This is part two of a two-part fiction piece featured in our summer 2019 issue. Read part one here.
THE FOLLOWING MONDAY THEY strike the Bugler again. This time the paint dries quickly and it takes Pechkin all day to scrub the monument clean. The next morning the local paper has a standalone photograph of Pechkin, soaked in sweat, kneeling before the pedestal, a plaid handkerchief tied at four corners into a pathetic improvised yarmulke to shield his bald spot from the sun. The caption reads: “Antoinette wakes up to Juneteenth surprise.”
They splash the Bugler again the week following. Then three days after that. A TV crew drives up from Austin. The local paper overflows with letters to the editor; a town hall is convened. Several attendees call for a police officer to be placed next to the statue, but the police chief explains that he does not have enough officers on staff. Dr. Nowak assures the scandalized citizenry that Parks and Rec Department remains committed to the monument, and requests additional funding for paint stripper. A tall woman in heavy makeup and fashionable athletic clothes complains that her toddlers have begun finding condoms, again, at the playground that abuts Oak Ridge. Before this whole rigmarole with the Bugler, Pechkin saw to it that the condoms were gone each morning before preschoolers arrived at the playground, but maintaining the Bugler has become a full-time job and Pechkin barely has enough time to do his usual rounds.
“Y’all are wearing me out,” someone says loudly, and Pechkin cranes to see an older Black woman rise from her seat two rows back from the podium where Dr. Nowak sits between the police chief and two men in suits. The woman is wearing a black felt pillbox hat with black voile pinned up with a large sparkly brooch. “Y’all are carrying on about protecting a statue Mother Jones magazine called one of the ten most racist monuments in the South, and meanwhile, my precinct needs roads, the town needs a more efficient recycling facility, and Freedmen’s Memorial has received no support from the town of Antoinette. Zero. I know, I know,” she raises a hand and the murmur in the room subsides, “y’all don’t care about Mother Jones magazine. But y’all do care about Antoinette, as do I, and I tell you, my fellow citizens”—she emphasizes the word fellow—“it doesn’t look good right now. Undignified is all. A lot of nonsense is all.”
“Thank you, Councilwoman, that’ll be all,” says one of the civilian men next to Dr. Nowak, and someone in the audience sniggers. Dr. Nowak and the three men all rise to indicate that the town hall is adjourned, and Pechkin realizes there are no other Black people in the room.
“Councilwoman Johnson’s timing is inappropriate, as always,” Dr. Nowak tells Pechkin when he meets her by the exit.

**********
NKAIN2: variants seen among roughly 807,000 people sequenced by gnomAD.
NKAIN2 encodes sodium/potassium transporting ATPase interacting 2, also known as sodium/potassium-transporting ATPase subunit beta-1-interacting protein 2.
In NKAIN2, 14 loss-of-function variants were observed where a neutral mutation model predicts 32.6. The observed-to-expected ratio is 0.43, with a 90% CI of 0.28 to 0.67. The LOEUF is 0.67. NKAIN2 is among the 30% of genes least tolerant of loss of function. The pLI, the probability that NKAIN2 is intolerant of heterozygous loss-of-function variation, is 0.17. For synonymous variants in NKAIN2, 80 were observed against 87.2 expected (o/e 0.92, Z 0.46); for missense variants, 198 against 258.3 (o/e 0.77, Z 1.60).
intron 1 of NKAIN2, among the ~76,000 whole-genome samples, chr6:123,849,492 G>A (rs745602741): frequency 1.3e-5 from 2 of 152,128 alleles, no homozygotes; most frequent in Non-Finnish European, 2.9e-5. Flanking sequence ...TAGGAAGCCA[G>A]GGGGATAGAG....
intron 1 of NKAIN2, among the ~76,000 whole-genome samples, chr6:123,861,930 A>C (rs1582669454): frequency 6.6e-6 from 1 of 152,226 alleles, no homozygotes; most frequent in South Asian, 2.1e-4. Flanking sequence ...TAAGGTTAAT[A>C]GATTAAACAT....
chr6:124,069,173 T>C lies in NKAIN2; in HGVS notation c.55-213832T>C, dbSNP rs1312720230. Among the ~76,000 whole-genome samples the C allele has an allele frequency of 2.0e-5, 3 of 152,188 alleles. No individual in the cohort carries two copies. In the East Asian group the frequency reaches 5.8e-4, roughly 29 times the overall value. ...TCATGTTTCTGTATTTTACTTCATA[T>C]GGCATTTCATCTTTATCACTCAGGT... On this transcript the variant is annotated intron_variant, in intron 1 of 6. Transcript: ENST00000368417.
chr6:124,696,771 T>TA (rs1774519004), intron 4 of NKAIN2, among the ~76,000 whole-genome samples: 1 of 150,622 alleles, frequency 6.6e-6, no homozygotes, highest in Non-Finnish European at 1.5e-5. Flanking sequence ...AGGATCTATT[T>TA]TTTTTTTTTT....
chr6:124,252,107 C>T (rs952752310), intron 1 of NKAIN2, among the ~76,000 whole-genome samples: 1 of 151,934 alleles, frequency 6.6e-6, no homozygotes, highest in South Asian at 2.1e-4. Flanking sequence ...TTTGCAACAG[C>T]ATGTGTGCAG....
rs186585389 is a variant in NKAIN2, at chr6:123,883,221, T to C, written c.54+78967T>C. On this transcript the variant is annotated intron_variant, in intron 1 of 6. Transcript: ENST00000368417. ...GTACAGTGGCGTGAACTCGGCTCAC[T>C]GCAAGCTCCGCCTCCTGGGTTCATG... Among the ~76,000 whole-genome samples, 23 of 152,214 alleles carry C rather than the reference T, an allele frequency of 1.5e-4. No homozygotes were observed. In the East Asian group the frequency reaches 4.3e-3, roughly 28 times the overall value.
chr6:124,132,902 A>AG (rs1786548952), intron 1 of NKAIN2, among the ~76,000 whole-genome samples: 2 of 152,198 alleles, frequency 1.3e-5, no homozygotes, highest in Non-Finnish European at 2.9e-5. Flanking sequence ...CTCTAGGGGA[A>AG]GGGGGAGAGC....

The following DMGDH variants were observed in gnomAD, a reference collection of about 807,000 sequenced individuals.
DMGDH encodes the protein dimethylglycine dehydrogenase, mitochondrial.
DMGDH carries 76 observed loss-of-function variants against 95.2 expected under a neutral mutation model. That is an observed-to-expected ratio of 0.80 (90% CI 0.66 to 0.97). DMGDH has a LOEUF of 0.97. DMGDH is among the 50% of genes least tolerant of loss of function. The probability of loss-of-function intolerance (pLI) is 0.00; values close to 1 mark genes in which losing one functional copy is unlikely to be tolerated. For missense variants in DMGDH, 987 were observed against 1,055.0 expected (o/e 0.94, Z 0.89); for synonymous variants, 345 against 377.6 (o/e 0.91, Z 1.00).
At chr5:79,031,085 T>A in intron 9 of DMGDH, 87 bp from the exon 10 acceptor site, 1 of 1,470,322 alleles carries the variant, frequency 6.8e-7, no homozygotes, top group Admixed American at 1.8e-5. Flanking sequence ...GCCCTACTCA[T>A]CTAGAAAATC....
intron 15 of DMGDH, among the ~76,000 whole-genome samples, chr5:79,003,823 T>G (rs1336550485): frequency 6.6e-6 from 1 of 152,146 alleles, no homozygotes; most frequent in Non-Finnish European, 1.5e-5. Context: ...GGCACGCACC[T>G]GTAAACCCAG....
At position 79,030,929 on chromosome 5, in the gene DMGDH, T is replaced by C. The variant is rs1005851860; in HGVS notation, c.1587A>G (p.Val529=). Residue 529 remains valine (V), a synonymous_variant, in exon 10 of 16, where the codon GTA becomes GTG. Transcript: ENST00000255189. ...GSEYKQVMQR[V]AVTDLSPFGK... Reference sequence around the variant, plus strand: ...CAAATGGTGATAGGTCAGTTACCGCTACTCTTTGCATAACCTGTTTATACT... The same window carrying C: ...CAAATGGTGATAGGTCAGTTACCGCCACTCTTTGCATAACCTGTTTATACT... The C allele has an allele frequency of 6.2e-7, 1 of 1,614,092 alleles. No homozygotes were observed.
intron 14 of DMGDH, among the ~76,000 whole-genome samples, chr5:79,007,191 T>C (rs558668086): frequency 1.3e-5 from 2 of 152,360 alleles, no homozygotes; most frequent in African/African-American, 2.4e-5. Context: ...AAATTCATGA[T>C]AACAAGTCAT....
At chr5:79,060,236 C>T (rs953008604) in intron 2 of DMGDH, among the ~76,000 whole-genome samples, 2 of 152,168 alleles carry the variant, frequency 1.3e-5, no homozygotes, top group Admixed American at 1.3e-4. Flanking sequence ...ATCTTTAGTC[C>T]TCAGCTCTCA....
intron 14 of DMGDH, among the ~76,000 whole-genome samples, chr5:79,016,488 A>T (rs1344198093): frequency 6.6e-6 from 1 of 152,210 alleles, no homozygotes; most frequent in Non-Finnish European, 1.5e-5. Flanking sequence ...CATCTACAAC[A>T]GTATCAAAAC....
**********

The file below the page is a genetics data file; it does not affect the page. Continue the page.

“Yes, of course,” agrees Pechkin. “You are working very hard, Doctor.”
This is all very confusing to him, the town hall, that anachronistic Black woman dressed like Marilyn Monroe from the movies.
“Excuse me, Doctor. That vogue woman in hat. She said Freed Man Memorial receives zero support. About what memorial she means?”
“The re-interment,” Dr. Nowak says. “Something to do with slavery. The African-American community wanted the memorial to be downtown, but there was some resistance to that. Understandably.” Her many eyes roll in unison. “The city did pay for putting them in the segregated cemetery across the tracks and it paid for the grave markers. And now we are supposed to maintain it. I was going to tell you later, once you’ve established a routine. It’s not a priority. Especially not now.”
THAT SATURDAY AT THE supermarket Pechkin is studying bean cans as he walks down the canned vegetables aisle and, paying no attention to oncoming traffic, he rams Councilwoman Johnson’s grocery cart with his.
“Oy, oh my, I am so sorry,” he says. “Madame Councilwoman, forgive me please.”
Up close she is even more astonishing. She must be at least ten years his senior but she is wearing a tight-fitting black knee-length dress and stockings—stockings in the summer, in Texas!—and a different hat, this one ivory-colored with a purple butterfly embroidered on the side. Not Marilyn Monroe: a Bolshoi Theater prima, he thinks. A Fabergé egg. She looks him up and down and says:
“Ah. I recognize you. You’re the janitor assigned to clean our—hallowed— Confederate statues. Good day,” and she yanks her cart backward and pushes past him.
“Yes—thank you Madame—excuse me, excuse me, I must to ask.”
She stops, turns.
“I hear an accent. New to Antoinette? Where are you from?”
He has only ever spoken to a Black woman twice in his life: the first time in the early ‘80s, before Varya was born, when he was assigned to give a tour of the Tretyakov to a group of African students from Patrice Lumumba University, and the second when he landed at Dallas Fort Worth and the passport control officer who allowed him into America was a Black woman. Before the Councilwoman he feels kind of the way he felt at passport control: tiny, insignificant, shy like an elementary school boy. But he must ask, this is his chance.
“Moscow, Madame. Excuse me, I must to ask about Freed Man. It is statue? I must to clean it too? They just tell me. Doctor Nowak. But I don’t know where. I must to see it, please, Madame Councilwoman. Can you show me?”